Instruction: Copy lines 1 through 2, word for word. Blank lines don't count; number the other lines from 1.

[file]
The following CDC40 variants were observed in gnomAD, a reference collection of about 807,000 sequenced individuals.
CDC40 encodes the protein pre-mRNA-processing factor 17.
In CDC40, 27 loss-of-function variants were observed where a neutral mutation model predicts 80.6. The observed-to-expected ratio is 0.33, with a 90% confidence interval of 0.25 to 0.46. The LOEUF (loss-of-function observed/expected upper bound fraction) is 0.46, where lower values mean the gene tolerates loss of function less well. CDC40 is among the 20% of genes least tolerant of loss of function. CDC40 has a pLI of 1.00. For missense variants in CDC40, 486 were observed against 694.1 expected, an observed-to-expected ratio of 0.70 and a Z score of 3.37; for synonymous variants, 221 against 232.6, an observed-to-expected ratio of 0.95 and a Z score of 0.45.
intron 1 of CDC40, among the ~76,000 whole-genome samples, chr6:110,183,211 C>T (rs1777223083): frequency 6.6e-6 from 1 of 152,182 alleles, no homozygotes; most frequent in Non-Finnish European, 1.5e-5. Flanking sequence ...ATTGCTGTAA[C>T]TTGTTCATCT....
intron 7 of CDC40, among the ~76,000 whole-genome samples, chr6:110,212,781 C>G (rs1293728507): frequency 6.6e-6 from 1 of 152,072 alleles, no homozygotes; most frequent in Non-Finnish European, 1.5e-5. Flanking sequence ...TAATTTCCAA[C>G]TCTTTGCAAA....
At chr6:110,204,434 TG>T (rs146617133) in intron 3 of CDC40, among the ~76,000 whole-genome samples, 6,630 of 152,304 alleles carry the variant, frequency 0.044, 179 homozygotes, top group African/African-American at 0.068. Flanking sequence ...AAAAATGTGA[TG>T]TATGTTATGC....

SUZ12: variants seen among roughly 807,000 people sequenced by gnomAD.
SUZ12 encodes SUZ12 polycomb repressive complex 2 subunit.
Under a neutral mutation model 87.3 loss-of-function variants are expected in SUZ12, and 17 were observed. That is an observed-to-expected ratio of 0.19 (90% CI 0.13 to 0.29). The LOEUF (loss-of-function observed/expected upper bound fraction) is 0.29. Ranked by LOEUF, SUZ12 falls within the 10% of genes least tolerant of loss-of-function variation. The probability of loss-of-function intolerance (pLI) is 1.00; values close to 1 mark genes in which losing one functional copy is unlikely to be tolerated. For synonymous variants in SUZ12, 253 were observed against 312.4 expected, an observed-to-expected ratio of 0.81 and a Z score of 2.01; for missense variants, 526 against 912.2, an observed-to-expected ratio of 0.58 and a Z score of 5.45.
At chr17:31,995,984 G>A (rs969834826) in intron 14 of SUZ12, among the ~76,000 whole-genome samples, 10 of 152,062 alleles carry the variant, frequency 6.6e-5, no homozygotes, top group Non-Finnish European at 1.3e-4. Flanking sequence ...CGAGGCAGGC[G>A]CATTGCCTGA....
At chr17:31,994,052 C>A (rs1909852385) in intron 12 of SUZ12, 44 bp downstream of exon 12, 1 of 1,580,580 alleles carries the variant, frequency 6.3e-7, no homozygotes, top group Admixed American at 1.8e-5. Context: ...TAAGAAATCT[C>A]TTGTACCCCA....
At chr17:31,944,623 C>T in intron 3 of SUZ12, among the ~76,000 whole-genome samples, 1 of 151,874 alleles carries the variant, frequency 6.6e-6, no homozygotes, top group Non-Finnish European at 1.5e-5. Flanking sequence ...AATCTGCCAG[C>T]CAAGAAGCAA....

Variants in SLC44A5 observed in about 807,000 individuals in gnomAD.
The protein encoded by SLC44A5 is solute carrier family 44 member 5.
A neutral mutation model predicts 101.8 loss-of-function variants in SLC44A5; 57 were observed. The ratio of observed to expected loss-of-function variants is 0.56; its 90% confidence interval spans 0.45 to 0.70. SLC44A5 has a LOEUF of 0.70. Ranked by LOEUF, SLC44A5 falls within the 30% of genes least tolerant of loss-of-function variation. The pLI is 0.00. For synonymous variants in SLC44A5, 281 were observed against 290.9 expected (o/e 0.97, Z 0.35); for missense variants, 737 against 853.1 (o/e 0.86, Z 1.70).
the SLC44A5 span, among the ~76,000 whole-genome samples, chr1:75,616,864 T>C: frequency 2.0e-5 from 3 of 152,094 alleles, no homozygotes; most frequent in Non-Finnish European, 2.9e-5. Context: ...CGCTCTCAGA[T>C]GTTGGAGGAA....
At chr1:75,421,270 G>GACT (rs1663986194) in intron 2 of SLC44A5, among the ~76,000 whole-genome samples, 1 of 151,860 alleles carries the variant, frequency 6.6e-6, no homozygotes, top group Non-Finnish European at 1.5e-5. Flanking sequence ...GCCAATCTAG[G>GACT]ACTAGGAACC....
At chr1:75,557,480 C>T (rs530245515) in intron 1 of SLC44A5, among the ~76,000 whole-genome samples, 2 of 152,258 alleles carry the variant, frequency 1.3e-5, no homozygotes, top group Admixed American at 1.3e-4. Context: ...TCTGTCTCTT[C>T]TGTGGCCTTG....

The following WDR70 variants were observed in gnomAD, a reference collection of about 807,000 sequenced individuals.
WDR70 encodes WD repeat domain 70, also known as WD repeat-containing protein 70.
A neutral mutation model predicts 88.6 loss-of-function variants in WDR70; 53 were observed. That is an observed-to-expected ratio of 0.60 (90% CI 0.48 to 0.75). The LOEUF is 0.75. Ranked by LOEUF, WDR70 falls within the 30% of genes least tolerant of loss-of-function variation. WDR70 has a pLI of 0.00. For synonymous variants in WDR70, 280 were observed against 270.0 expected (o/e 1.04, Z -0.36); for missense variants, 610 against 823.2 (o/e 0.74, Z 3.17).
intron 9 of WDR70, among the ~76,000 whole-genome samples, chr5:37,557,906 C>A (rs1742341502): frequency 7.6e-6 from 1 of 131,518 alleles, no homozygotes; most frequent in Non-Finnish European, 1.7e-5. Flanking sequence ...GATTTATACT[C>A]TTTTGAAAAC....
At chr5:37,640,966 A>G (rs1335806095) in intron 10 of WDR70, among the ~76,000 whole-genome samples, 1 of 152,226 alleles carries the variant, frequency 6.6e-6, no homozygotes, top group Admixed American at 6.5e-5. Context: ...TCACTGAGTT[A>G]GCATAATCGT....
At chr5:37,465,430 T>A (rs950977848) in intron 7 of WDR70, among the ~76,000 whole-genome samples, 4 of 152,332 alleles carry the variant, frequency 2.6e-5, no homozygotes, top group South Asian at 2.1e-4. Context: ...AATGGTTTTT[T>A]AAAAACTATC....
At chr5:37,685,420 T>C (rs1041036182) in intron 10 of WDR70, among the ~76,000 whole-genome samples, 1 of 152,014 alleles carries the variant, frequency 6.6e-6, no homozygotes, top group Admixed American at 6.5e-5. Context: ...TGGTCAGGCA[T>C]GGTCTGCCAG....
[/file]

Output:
The following CDC40 variants were observed in gnomAD, a reference collection of about 807,000 sequenced individuals.
CDC40 encodes the protein pre-mRNA-processing factor 17.